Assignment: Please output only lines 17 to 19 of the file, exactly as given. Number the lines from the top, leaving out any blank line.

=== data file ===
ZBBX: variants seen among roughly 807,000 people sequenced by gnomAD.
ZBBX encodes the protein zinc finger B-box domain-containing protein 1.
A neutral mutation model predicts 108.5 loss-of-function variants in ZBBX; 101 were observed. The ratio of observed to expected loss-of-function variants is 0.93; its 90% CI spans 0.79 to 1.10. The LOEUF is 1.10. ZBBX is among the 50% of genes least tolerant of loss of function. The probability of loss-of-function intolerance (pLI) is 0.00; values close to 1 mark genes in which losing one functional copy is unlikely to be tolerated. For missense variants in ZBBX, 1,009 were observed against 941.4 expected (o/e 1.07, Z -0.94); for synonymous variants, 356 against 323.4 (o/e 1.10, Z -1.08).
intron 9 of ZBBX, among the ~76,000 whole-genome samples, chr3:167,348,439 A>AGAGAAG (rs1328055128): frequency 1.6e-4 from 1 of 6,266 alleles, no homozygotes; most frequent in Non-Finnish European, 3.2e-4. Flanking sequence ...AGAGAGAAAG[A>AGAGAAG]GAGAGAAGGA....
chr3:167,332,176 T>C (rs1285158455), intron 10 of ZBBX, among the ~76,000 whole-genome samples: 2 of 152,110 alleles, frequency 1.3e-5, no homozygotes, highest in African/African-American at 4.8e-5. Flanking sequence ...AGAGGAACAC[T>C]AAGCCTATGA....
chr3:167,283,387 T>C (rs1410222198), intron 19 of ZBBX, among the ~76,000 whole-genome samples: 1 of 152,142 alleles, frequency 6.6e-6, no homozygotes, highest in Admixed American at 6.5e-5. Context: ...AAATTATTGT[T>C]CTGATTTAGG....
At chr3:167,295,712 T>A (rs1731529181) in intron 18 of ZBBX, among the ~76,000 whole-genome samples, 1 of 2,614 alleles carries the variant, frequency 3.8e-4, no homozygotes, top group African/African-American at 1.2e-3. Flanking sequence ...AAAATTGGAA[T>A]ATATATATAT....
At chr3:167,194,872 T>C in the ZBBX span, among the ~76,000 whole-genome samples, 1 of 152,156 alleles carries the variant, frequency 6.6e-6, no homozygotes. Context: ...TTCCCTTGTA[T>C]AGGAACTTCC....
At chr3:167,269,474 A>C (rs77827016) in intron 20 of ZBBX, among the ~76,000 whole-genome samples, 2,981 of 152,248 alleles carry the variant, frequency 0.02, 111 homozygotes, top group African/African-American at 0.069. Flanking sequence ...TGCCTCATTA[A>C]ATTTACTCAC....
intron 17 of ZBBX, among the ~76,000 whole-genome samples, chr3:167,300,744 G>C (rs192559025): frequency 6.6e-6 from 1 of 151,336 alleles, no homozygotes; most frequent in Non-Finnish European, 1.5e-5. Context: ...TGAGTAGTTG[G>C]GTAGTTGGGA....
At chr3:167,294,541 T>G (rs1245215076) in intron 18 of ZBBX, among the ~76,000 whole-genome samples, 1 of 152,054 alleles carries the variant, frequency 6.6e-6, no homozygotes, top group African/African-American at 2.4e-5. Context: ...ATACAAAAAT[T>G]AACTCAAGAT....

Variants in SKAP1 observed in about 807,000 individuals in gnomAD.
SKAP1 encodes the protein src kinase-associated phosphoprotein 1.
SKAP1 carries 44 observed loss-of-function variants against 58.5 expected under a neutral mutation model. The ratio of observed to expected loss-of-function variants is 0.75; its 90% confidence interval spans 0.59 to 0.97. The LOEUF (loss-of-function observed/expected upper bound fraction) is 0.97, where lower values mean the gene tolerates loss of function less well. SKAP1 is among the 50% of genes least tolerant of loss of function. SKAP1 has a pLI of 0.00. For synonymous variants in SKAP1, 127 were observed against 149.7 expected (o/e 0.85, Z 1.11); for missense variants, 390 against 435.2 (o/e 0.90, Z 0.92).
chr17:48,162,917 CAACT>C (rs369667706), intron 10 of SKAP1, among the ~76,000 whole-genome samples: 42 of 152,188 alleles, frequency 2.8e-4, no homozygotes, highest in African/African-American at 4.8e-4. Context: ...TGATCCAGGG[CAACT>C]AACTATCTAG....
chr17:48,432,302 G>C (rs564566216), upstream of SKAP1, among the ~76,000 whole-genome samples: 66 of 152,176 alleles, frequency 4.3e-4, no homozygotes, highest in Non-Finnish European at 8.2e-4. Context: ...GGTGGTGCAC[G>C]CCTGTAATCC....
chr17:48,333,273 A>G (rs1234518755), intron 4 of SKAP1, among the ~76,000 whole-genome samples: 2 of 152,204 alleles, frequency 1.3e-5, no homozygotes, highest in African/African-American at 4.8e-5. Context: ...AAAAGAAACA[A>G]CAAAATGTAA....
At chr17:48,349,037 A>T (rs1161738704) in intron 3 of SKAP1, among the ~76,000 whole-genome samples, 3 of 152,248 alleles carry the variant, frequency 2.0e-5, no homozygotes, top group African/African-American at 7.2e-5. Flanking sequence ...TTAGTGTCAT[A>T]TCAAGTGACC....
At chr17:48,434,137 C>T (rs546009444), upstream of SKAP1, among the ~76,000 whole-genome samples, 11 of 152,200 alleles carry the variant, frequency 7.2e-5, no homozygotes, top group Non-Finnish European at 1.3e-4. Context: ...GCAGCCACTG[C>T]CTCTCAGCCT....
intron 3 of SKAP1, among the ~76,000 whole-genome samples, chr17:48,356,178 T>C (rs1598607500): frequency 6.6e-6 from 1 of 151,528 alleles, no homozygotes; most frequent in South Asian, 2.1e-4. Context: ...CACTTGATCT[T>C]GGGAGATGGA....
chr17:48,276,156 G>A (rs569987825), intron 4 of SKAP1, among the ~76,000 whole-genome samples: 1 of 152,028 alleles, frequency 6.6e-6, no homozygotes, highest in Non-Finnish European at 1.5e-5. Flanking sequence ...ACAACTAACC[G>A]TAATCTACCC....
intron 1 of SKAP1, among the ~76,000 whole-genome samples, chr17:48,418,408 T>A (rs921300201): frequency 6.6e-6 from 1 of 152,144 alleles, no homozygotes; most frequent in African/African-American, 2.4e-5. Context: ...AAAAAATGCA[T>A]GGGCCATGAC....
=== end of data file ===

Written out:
chr17:48,333,273 A>G (rs1234518755), intron 4 of SKAP1, among the ~76,000 whole-genome samples: 2 of 152,204 alleles, frequency 1.3e-5, no homozygotes, highest in African/African-American at 4.8e-5. Context: ...AAAAGAAACA[A>G]CAAAATGTAA....
At chr17:48,349,037 A>T (rs1161738704) in intron 3 of SKAP1, among the ~76,000 whole-genome samples, 3 of 152,248 alleles carry the variant, frequency 2.0e-5, no homozygotes, top group African/African-American at 7.2e-5. Flanking sequence ...TTAGTGTCAT[A>T]TCAAGTGACC....
At chr17:48,434,137 C>T (rs546009444), upstream of SKAP1, among the ~76,000 whole-genome samples, 11 of 152,200 alleles carry the variant, frequency 7.2e-5, no homozygotes, top group Non-Finnish European at 1.3e-4. Context: ...GCAGCCACTG[C>T]CTCTCAGCCT....